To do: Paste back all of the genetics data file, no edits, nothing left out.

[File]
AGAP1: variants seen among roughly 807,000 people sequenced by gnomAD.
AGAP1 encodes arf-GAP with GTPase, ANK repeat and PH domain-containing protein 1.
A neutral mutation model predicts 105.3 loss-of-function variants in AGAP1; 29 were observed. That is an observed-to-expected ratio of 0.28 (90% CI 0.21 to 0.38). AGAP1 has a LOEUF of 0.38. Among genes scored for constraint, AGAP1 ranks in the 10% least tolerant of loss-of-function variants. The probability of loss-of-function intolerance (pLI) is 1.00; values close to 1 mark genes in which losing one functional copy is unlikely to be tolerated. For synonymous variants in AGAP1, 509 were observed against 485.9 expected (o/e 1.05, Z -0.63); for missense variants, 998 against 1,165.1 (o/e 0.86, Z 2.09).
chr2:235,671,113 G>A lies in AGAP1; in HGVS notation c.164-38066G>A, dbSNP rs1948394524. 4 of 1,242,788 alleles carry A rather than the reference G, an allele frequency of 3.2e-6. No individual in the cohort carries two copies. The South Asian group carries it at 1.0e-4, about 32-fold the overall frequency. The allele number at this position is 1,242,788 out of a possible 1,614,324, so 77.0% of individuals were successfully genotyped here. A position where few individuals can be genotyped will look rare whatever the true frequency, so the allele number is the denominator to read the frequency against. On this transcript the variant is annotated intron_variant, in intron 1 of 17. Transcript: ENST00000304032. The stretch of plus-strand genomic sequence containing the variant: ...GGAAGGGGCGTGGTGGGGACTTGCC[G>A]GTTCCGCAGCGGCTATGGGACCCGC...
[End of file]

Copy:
AGAP1: variants seen among roughly 807,000 people sequenced by gnomAD.
AGAP1 encodes arf-GAP with GTPase, ANK repeat and PH domain-containing protein 1.
A neutral mutation model predicts 105.3 loss-of-function variants in AGAP1; 29 were observed. That is an observed-to-expected ratio of 0.28 (90% CI 0.21 to 0.38). AGAP1 has a LOEUF of 0.38. Among genes scored for constraint, AGAP1 ranks in the 10% least tolerant of loss-of-function variants. The probability of loss-of-function intolerance (pLI) is 1.00; values close to 1 mark genes in which losing one functional copy is unlikely to be tolerated. For synonymous variants in AGAP1, 509 were observed against 485.9 expected (o/e 1.05, Z -0.63); for missense variants, 998 against 1,165.1 (o/e 0.86, Z 2.09).
chr2:235,671,113 G>A lies in AGAP1; in HGVS notation c.164-38066G>A, dbSNP rs1948394524. 4 of 1,242,788 alleles carry A rather than the reference G, an allele frequency of 3.2e-6. No individual in the cohort carries two copies. The South Asian group carries it at 1.0e-4, about 32-fold the overall frequency. The allele number at this position is 1,242,788 out of a possible 1,614,324, so 77.0% of individuals were successfully genotyped here. A position where few individuals can be genotyped will look rare whatever the true frequency, so the allele number is the denominator to read the frequency against. On this transcript the variant is annotated intron_variant, in intron 1 of 17. Transcript: ENST00000304032. The stretch of plus-strand genomic sequence containing the variant: ...GGAAGGGGCGTGGTGGGGACTTGCC[G>A]GTTCCGCAGCGGCTATGGGACCCGC...